US Treasury yields fall after the 10-year breaks above 3 percent

  • Markets around the world continue to be on edge over what these trade tensions could mean for Washington and Beijing going forward.
  • Coming up today in terms of data, jobless claims are due out at 8:30 a.m. ET, followed by factory orders at 10 a.m. ET.

U.S. government debt prices ticked higher on Thursday.

The yield on the benchmark 10-year Treasury note was lower at around 2.982 percent at 6:05 a.m. ET, while the yield on the 30-year Treasury bond was in the red at 3.110 percent. Bond yields move inversely to prices.

Central banking news continues to keep bond investors alert on Thursday, after the U.S. central bank held its summer meeting earlier this week.

At the conclusion of its summer policy meeting, the U.S. Federal Open Market Committee decided to hold fire on raising interest rates on Wednesday, however the central bank did choose to upgrade its outlook on the U.S. economy to strong.

In the statement released by the Federal Reserve, the central bank said that the labor market has “continued to strengthen and that economic activity has been rising at a strong rate.” In June, the Fed described economic activity as rising at a “solid rate.”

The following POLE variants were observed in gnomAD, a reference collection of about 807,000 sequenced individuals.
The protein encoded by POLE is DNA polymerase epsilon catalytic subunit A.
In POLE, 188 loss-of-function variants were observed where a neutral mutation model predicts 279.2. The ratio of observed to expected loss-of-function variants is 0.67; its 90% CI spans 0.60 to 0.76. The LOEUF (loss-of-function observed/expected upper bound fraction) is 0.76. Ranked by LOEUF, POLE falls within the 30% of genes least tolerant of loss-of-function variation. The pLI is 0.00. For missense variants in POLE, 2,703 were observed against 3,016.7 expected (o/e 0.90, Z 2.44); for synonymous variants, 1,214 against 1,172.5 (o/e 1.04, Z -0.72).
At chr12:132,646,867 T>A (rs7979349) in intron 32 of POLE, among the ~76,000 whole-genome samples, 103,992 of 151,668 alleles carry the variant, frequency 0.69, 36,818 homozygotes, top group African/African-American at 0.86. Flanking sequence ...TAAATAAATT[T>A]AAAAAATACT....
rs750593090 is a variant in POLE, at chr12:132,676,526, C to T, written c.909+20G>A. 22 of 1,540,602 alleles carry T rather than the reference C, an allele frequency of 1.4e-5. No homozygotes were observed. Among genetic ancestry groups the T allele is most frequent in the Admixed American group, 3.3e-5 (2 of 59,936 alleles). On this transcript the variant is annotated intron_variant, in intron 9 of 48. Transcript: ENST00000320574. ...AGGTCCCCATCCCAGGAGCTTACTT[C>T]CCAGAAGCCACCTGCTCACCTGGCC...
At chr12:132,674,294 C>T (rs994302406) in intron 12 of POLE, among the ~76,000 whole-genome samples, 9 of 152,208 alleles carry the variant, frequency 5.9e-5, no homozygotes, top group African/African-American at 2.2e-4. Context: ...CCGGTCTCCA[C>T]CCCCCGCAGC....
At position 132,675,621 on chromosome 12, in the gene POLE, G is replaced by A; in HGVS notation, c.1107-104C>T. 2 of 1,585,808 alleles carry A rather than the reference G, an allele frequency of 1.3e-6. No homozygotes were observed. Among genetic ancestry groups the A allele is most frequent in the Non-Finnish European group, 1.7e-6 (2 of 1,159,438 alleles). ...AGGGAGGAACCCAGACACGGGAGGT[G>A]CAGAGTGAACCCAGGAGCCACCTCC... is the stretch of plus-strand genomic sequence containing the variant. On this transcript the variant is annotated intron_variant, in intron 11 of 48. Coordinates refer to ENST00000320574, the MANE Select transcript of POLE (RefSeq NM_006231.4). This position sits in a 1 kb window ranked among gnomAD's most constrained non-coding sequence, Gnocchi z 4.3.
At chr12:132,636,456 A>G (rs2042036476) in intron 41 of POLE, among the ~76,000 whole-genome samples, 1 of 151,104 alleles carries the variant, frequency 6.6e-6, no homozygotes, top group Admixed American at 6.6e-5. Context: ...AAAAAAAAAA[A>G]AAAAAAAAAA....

The meeting comes hot on the heels of recent doses of economic data, including a positive gross domestic product reading of 4.1 percent growth in the second quarter.

Across the Atlantic, the Bank of England is expected to hold a monetary policy meeting on Thursday, with investors expecting the central bank to deliver a rate hike as concerns over the U.K. economy and Brexit weigh.

Coming up today in terms of data, jobless claims are due out at 8:30 a.m. ET, followed by factory orders at 10 a.m. ET.

On the auctions front, the U.S. Treasury will announce the size of two individual bills, both up for auction next week.

Not a Scientific Survey. Results may not total 100% due to rounding.

Elsewhere, politics continues to keep market watchers busy. On Wednesday, the U.S. administration announced that President Donald Trump had spoken with U.S. Trade Representative Robert Lighthizer and asked him to consider increasing the proposed levies on $200 billion worth of Chinese goods up to 25 percent, from 10 percent.

Consequently, markets around the world continue to be on edge over what these trade tensions could mean for Washington and Beijing going forward.

Meantime, investors will be keeping a close eye on the yield on the benchmark 10-year Treasury note after it topped 3 percent on Wednesday — the first time it’s reached this level since June.

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